The involvement of CGRP in migraine was first proposed in 1986, only a few years after its discovery. Soon afterwards, a landmark study found significant release of CGRP during acute migraine and cluster headache attacks.1 Our understanding of the role of CGRP has since evolved alongside our understanding of migraine.
A promising start
CGRP is a short, 37 amino acid protein generated through alternative splicing and expressed throughout the body. It has functions in cerebrovascular regulation, as shown in a seminal study which demonstrated its vasodilator effect on pre-contracted arteries in vitro.2 Further observations in patients revealed that the levels of CGRP in blood increase during a migraine attack in the jugular vein located on the same side of the body as the migraine pain.3
New classes of migraine therapy have emerged targeting CGRP
During an episode, CGRP is released from trigeminal afferent neurons and binds to post-synaptic CGRP receptors (CGRP-Rs). The receptors are located either on the walls of meningeal blood vessels, where CGRP acts as a vasodilator, or on secondary neurons, where CGRP acts as a neurotransmitter.4 It is the neurotransmitter action in the trigeminal ganglion that is thought to contribute to migraine pain.
A new age
As a result of this knowledge, researchers began to consider that antagonism of the CGRP system could treat migraine. There is now renewed interest as three new classes of migraine therapy have emerged that aim to reduce the activity of CGRP:
- monoclonal antibodies (mAbs) that bind to CGRP, stopping it from acting after it is released from neurons;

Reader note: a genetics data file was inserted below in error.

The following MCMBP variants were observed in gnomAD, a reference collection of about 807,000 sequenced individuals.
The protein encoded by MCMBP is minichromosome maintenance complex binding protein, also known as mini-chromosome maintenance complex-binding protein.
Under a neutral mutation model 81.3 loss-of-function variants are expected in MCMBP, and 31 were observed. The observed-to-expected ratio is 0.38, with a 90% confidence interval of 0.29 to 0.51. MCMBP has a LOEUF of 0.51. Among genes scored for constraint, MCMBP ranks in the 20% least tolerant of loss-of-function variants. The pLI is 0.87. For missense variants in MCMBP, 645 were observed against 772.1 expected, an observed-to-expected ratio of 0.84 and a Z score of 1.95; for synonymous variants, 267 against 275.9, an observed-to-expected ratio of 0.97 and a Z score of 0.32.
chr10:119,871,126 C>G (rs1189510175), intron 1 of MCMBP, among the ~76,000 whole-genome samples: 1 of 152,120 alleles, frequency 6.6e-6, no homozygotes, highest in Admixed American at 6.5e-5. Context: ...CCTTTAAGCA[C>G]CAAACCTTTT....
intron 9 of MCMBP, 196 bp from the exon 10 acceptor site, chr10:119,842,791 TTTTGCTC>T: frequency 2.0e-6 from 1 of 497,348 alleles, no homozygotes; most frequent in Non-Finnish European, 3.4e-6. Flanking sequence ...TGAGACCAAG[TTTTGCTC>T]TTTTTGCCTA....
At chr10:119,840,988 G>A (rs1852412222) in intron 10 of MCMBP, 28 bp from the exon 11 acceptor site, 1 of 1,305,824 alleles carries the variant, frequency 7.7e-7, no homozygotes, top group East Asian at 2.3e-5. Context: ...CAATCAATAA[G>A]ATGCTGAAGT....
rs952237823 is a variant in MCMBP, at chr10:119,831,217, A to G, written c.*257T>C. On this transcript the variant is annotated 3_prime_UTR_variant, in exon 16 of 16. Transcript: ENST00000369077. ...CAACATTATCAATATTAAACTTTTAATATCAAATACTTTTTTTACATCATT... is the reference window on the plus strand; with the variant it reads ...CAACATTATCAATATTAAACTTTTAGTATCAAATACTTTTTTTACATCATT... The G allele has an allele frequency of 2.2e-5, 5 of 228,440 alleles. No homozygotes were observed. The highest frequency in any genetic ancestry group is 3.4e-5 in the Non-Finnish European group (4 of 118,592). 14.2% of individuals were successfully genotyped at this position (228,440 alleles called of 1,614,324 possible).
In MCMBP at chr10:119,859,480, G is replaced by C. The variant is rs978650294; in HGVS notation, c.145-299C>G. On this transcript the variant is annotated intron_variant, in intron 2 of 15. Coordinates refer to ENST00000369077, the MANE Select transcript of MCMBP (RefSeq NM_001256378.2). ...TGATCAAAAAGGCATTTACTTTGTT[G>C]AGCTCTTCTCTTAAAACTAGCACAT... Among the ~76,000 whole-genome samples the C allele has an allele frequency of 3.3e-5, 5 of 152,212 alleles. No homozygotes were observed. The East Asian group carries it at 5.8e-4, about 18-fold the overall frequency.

- mAbs that bind to CGRP-Rs, which prevent activation of the receptor by CGRP as well; and
- small molecule CGRP-R antagonists, which prevent activation of the receptor by CGRP
New classes of therapy aim to reduce CGRP activity
These new classes target different aspects of migraine. The mAbs are aimed at treating chronic migraine, and the CGRP-R antagonists tend to be used for acute therapy of episodic migraine. This raises an interesting consideration when these medications are used in the clinic. If a patient is given a CGRP-R mAb as preventative therapy, will a small molecule CGRP antagonist then be effective as treatment for an acute migraine attack? There is no definitive answer to this question yet.
A different type of molecule
Professor Reuter focused on the mAb medications. A long half-life of around 30 days in the body allows an interval of 1 month between doses or longer.
The large size of the molecules means mAbs cannot cross the blood-brain barrier in clinically significant amounts.5 Although a patient feels their migraine pain in their brain, it appears that the trigeminal ganglion controls the sensory signal. Therefore their size does not affect their therapeutic action at the trigeminal ganglion. Crucially, the mAbs also do not cause raised levels of liver enzymes.